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TMX Finance Holdings, Inc. v. Drummond Financial Services, LLC

Supreme Court of Georgia

March 6, 2017

TMX FINANCE HOLDINGS, INC. et al.
v.
DRUMMOND FINANCIAL SERVICES, LLC et al.

          Blackwell, Justice.

         Drummond Financial Services, LLC and TMX Finance Holdings, Inc. are competing automobile title loan companies based in Georgia, with TMX doing business as "TitleMax." In 2014, Drummond and several of its affiliated companies filed a lawsuit against TitleMax and several of its affiliated companies, alleging that TitleMax was "engaged in a nationwide campaign to systematically and illegally steal [Drummond's] customers." More specifically, Drummond alleged that TitleMax was compensating Drummond employees to refer customers to TitleMax, trespassing on Drummond property to gather information about Drummond customers, and using motor vehicle records to identify and solicit those customers in violation of the Driver's Privacy Protection Act of 1984.[1] Based on these allegations, Drummond asserted claims against TitleMax under the laws of Georgia and various other states for trespass, misappropriation of trade secrets, tortious interference with contracts, and unfair competition.

         A few months later, Drummond filed a motion for a nationwide interlocutory injunction to prevent TitleMax from continuing to engage in practices that Drummond alleged were tortious and illegal. Following a hearing, the trial court granted a nationwide interlocutory injunction that prohibits TitleMax from "[e]ntering any of [Drummond's] [s]tores or the parking lots [or certain portions of the parking lots] of [Drummond's] [s]tores" to solicit Drummond customers or to record their license plate numbers or vehicle identification numbers (other than for purposes permitted by the Driver's Privacy Protection Act).[2] In addition, the injunction prohibits TitleMax from offering compensation to Drummond employees to refer Drummond customers to TitleMax. TitleMax appeals, [3] and for the reasons that follow, we affirm in part and vacate in part, and we remand this case for further proceedings consistent with this opinion.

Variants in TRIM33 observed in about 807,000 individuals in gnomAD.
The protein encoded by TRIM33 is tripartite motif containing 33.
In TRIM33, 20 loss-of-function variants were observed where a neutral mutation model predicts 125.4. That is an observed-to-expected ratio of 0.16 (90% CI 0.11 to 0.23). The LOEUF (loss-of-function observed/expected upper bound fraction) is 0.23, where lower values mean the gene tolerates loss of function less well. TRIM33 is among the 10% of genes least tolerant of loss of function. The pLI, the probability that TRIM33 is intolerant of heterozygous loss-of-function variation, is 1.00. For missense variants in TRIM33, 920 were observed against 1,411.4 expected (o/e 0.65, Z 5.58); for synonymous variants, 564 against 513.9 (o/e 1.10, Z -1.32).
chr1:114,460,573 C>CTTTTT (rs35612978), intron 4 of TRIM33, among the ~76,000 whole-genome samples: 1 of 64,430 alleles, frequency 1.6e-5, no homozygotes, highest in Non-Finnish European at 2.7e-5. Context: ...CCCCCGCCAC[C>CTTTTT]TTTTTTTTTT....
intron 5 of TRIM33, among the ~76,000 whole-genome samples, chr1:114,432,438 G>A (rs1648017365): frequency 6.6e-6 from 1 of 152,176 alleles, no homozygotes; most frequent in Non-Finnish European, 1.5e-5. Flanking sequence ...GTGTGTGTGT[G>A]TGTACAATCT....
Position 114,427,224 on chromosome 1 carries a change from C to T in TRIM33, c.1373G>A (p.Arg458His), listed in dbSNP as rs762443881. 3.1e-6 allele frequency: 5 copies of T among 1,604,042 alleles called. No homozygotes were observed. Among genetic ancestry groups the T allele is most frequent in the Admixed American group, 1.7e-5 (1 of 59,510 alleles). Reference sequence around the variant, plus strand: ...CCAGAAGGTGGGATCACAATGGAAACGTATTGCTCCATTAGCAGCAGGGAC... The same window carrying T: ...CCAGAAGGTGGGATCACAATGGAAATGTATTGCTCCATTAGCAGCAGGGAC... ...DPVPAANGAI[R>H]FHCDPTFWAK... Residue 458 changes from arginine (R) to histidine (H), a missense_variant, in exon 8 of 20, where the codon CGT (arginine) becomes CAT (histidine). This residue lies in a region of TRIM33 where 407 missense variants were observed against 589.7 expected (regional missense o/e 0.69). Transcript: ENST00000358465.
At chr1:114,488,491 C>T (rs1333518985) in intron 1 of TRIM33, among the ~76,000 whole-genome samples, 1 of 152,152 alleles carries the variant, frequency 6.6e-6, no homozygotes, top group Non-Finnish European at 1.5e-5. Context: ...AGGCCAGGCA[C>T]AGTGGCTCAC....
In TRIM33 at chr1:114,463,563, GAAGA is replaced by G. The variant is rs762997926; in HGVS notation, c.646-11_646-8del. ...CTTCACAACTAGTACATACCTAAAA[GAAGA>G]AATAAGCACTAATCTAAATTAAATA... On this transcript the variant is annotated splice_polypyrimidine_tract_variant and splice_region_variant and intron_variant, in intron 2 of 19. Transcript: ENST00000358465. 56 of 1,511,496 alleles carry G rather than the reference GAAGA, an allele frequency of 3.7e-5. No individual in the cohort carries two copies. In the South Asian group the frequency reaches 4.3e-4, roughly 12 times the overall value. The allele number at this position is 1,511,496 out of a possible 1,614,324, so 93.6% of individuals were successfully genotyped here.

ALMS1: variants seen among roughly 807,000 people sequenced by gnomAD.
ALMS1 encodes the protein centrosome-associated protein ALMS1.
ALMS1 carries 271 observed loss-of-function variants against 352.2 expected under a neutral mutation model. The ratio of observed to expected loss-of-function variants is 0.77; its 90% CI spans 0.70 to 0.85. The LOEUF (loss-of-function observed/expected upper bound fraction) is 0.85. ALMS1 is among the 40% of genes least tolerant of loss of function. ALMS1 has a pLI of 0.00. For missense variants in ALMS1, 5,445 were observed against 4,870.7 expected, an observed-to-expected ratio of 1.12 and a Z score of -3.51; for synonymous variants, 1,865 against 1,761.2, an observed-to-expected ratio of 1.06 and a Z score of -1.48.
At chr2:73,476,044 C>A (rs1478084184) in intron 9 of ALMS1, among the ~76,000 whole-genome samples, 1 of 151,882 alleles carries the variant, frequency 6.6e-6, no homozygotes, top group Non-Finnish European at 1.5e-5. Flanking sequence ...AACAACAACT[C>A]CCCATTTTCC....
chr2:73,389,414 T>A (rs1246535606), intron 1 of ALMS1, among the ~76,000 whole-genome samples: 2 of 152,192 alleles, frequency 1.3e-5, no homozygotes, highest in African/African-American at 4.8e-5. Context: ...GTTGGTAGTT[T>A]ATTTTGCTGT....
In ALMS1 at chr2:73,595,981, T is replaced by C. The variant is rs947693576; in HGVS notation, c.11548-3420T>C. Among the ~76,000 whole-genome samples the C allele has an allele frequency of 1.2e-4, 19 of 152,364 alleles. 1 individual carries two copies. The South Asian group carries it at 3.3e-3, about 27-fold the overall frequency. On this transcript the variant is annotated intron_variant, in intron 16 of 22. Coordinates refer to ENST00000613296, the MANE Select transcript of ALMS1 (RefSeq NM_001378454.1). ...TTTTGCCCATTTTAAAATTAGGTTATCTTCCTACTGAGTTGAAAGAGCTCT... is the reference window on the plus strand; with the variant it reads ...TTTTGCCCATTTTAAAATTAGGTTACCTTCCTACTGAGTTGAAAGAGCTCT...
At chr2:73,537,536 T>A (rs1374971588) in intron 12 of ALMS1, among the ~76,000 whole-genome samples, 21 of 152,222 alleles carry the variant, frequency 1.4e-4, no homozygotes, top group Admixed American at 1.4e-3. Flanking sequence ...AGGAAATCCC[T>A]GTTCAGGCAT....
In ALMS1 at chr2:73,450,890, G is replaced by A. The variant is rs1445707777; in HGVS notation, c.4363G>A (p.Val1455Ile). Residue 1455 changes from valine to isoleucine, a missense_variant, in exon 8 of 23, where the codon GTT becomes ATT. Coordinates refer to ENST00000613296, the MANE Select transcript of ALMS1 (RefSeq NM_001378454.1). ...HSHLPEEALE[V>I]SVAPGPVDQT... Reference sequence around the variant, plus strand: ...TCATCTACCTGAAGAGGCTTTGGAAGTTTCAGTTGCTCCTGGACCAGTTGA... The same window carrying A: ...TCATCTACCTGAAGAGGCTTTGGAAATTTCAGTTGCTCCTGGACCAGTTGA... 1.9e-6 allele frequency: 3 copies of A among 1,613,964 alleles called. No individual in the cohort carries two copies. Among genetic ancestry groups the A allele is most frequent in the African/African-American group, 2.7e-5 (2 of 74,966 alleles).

Whether an interlocutory injunction is warranted is a matter committed to the discretion of the trial court. See Holton v. Physician Oncology Svcs., 292 Ga. 864, 866 (2) (742 S.E.2d 702) (2013). In exercising this discretion, a trial court generally must consider:

(1) whether there exists a substantial threat that a moving party will suffer irreparable injury if the injunction is not granted; (2) whether the threatened injury to the moving party outweighs the threat and harm that the injunction may do to the party being enjoined; (3) whether there is a substantial likelihood that the moving party will prevail on the merits at trial; and (4) whether granting the interlocutory injunction will not disserve the public interest.